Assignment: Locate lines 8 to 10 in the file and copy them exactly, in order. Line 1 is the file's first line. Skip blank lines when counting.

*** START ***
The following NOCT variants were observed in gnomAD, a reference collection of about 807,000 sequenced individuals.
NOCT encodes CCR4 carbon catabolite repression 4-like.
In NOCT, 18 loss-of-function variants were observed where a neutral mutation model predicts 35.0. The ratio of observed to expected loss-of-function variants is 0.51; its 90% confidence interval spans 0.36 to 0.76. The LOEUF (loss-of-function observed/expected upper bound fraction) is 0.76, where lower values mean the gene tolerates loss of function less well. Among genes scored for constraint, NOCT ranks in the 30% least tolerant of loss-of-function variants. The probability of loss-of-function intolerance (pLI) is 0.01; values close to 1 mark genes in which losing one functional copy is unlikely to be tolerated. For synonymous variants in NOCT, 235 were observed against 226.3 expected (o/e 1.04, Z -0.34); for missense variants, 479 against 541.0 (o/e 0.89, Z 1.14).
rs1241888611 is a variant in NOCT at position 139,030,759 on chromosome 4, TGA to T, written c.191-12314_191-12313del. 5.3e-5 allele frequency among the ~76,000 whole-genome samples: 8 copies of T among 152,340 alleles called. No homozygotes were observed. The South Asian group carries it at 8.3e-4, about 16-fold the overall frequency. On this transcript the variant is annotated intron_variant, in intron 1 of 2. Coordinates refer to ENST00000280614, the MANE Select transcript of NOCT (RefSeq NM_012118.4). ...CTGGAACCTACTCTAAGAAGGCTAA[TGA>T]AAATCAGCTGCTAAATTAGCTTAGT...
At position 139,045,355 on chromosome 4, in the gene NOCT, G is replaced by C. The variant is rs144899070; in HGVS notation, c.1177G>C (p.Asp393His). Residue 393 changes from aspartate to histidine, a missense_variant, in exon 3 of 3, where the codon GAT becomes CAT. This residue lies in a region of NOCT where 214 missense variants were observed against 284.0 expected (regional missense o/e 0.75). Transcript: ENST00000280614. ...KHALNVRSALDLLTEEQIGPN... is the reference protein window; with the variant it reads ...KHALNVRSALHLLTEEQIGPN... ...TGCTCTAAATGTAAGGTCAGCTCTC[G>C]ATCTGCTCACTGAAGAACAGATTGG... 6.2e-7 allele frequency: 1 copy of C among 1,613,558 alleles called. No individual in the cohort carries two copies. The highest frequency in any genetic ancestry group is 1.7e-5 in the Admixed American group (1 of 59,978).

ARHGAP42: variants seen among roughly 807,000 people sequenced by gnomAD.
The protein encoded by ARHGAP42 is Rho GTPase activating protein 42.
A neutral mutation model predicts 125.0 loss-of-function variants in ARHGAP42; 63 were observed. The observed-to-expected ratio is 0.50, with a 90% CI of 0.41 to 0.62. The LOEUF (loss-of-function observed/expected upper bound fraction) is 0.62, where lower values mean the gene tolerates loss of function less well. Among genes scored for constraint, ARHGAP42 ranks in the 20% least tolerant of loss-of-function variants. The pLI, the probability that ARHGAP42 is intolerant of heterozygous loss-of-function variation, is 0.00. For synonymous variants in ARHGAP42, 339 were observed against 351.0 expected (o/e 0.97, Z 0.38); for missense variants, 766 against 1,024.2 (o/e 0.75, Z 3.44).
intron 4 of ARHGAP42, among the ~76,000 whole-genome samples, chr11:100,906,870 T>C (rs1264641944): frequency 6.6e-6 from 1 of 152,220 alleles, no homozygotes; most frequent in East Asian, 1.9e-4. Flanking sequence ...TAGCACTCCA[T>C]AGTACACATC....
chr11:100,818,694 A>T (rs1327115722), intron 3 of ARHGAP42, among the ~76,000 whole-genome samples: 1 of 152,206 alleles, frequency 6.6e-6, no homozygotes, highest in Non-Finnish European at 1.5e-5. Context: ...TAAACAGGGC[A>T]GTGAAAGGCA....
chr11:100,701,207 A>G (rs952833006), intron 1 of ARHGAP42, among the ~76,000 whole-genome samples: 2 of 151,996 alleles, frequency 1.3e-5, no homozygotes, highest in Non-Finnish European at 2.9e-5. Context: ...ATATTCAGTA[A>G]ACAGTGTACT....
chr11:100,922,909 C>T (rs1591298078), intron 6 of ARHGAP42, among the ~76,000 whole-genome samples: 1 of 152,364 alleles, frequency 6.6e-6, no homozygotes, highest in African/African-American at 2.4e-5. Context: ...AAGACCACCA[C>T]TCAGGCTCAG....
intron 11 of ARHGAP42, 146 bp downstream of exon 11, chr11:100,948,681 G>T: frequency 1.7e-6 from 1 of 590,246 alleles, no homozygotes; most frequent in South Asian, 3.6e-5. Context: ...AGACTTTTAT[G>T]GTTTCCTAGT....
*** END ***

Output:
A neutral mutation model predicts 125.0 loss-of-function variants in ARHGAP42; 63 were observed. The observed-to-expected ratio is 0.50, with a 90% CI of 0.41 to 0.62. The LOEUF (loss-of-function observed/expected upper bound fraction) is 0.62, where lower values mean the gene tolerates loss of function less well. Among genes scored for constraint, ARHGAP42 ranks in the 20% least tolerant of loss-of-function variants. The pLI, the probability that ARHGAP42 is intolerant of heterozygous loss-of-function variation, is 0.00. For synonymous variants in ARHGAP42, 339 were observed against 351.0 expected (o/e 0.97, Z 0.38); for missense variants, 766 against 1,024.2 (o/e 0.75, Z 3.44).
intron 4 of ARHGAP42, among the ~76,000 whole-genome samples, chr11:100,906,870 T>C (rs1264641944): frequency 6.6e-6 from 1 of 152,220 alleles, no homozygotes; most frequent in East Asian, 1.9e-4. Flanking sequence ...TAGCACTCCA[T>C]AGTACACATC....
chr11:100,818,694 A>T (rs1327115722), intron 3 of ARHGAP42, among the ~76,000 whole-genome samples: 1 of 152,206 alleles, frequency 6.6e-6, no homozygotes, highest in Non-Finnish European at 1.5e-5. Context: ...TAAACAGGGC[A>T]GTGAAAGGCA....